Equity markets continue to look vulnerable to further losses, as do bond markets, after yields ripped higher again yesterday. European markets underwent another negative session, as did US markets, falling for the fifth day in a row, ahead of today’s FOMC rate decision, where the US central bank needs to wrestle back control of a narrative that appears to be running out of control, with the US 2-year yield up over 80bps this month alone, with 50bps of that rise in the last three days.
The volatility since last Friday looks set to manifest itself into a slightly firmer European open later this morning, after Chinese economic data came in slightly better than expected.
With prices rising as they have been, the consumer has been front and centre of whether we’ll start to see demand destruction, as food and energy get prioritised over other discretionary spending. In the US, the consumer has been remarkably resilient despite crashing consumer confidence data, while in China lockdown restrictions have strangled internal demand in recent months.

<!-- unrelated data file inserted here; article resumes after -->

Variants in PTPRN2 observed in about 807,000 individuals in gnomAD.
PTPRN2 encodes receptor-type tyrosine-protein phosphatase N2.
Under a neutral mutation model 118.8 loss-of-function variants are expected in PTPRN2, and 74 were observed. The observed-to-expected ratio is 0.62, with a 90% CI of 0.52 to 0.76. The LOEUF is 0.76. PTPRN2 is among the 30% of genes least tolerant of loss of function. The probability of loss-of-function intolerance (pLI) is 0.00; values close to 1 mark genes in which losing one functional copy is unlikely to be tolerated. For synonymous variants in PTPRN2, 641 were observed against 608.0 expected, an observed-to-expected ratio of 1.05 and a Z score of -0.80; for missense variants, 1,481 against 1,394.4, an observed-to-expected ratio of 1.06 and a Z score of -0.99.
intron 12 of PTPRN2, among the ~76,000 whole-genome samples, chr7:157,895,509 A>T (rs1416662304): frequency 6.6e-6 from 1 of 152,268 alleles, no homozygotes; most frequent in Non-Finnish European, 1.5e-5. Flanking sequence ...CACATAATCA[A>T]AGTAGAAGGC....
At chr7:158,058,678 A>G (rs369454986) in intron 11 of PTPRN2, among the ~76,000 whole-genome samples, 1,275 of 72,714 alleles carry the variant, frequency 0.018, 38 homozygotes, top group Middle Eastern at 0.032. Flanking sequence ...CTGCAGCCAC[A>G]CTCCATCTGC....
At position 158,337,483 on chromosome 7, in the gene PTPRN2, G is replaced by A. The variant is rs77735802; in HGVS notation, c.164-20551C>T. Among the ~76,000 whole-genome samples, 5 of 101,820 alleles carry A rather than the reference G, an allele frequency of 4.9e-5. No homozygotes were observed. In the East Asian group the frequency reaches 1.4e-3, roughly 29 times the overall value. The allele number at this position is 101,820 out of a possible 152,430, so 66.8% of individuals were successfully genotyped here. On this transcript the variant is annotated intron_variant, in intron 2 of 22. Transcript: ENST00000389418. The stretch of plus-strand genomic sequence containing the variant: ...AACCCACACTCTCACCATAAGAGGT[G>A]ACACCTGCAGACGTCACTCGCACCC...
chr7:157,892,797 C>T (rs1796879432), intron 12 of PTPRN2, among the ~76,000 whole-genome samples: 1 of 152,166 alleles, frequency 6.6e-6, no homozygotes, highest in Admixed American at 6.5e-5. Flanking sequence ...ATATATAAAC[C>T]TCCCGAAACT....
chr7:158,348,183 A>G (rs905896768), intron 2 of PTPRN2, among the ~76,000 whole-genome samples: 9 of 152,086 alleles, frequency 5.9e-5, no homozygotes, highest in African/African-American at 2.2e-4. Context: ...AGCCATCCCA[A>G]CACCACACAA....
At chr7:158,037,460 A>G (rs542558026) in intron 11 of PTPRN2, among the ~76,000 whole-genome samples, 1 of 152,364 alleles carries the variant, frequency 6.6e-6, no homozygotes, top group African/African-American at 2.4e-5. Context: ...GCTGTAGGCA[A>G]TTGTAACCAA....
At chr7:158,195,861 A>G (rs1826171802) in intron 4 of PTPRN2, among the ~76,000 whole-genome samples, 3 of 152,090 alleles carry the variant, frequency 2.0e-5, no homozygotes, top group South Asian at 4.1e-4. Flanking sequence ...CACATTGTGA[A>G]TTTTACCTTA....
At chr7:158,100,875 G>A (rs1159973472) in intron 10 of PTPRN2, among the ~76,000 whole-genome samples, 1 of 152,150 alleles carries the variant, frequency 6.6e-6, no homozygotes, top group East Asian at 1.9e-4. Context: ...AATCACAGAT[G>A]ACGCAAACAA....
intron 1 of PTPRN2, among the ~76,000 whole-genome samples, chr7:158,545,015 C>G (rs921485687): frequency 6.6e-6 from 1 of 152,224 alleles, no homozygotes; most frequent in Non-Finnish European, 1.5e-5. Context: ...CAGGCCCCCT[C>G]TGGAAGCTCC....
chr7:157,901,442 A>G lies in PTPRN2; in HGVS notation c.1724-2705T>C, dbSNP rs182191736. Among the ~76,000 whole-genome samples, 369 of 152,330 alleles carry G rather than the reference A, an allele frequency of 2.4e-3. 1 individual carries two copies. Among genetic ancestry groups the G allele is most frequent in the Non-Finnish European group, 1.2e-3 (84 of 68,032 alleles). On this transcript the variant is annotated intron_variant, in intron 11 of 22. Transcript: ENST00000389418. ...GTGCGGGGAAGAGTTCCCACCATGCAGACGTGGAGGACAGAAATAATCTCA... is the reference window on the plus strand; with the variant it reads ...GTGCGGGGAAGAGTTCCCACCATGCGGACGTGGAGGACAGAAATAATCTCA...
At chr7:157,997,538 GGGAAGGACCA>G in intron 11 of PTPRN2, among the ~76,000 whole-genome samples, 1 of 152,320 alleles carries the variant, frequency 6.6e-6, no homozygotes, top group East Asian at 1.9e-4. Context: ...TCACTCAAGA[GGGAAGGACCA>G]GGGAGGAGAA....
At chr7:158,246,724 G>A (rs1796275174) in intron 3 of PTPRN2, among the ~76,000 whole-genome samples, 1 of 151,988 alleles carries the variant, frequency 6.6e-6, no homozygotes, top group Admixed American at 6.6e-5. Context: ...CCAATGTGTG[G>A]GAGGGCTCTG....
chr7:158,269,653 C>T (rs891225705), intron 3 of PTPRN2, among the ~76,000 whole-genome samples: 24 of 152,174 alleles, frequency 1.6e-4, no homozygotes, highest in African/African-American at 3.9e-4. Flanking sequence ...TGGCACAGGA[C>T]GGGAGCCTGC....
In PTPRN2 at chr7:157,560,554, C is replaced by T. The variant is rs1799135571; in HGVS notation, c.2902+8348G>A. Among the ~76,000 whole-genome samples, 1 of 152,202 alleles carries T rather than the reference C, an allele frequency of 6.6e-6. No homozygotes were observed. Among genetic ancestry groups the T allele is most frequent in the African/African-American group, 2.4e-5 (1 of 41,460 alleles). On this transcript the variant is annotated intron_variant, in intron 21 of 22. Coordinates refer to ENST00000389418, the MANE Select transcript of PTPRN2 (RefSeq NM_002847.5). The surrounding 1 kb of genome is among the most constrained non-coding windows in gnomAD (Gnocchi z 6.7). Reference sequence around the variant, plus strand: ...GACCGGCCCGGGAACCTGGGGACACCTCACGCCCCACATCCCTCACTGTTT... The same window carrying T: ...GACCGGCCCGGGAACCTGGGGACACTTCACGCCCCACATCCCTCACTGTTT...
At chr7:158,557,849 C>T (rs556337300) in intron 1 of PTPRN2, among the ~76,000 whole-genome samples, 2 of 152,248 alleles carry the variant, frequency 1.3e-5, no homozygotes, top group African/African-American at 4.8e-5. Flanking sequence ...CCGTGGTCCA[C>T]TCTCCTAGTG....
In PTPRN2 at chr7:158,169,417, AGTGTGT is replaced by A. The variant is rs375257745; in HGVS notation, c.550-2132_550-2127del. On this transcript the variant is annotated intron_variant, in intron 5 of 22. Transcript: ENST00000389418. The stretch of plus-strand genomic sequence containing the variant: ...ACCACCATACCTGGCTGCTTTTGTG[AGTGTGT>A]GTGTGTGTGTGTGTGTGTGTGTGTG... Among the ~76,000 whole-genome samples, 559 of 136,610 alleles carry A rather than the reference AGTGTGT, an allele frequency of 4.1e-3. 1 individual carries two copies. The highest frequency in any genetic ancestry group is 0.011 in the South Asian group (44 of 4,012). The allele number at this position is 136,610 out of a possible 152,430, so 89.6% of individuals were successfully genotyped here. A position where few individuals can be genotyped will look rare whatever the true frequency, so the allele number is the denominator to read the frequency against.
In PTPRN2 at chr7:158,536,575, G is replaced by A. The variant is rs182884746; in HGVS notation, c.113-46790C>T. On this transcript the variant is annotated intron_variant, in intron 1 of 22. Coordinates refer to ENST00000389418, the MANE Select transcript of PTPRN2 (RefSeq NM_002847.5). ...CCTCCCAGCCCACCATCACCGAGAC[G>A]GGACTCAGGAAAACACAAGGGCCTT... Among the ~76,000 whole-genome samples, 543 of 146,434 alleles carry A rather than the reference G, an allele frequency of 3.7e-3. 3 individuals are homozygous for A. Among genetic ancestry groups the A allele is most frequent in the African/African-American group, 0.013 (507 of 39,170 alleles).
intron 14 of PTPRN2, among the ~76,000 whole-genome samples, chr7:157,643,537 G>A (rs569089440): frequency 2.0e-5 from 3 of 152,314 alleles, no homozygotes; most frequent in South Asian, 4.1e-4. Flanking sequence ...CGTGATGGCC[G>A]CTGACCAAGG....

At the beginning of this year there was widespread optimism that the Chinese economy would be able to grow by 5.5% this year. This goal now looks unattainable given the restrictions that have been in place since March. In March, retail sales in China declined by -3.5%, the first decline since July 2020 and the biggest decline since April 2020 when China was coming out of its first nationwide lockdown. In April we saw another steep decline, of -11.1%, an even bigger decline than the -6.6% fall that was expected, while industrial production also slowed sharply, falling -2.9%, against an expectation of a small rise of 0.5%. This morning’s May numbers saw a modest improvement to -6.7%, against an expectation of a -7.1% decline, but it’s clear that demand remains weak, and it’s unlikely we will see a V-shaped rebound in the coming months. Industrial production came in at 0.7% a modest improvement from -2.9%.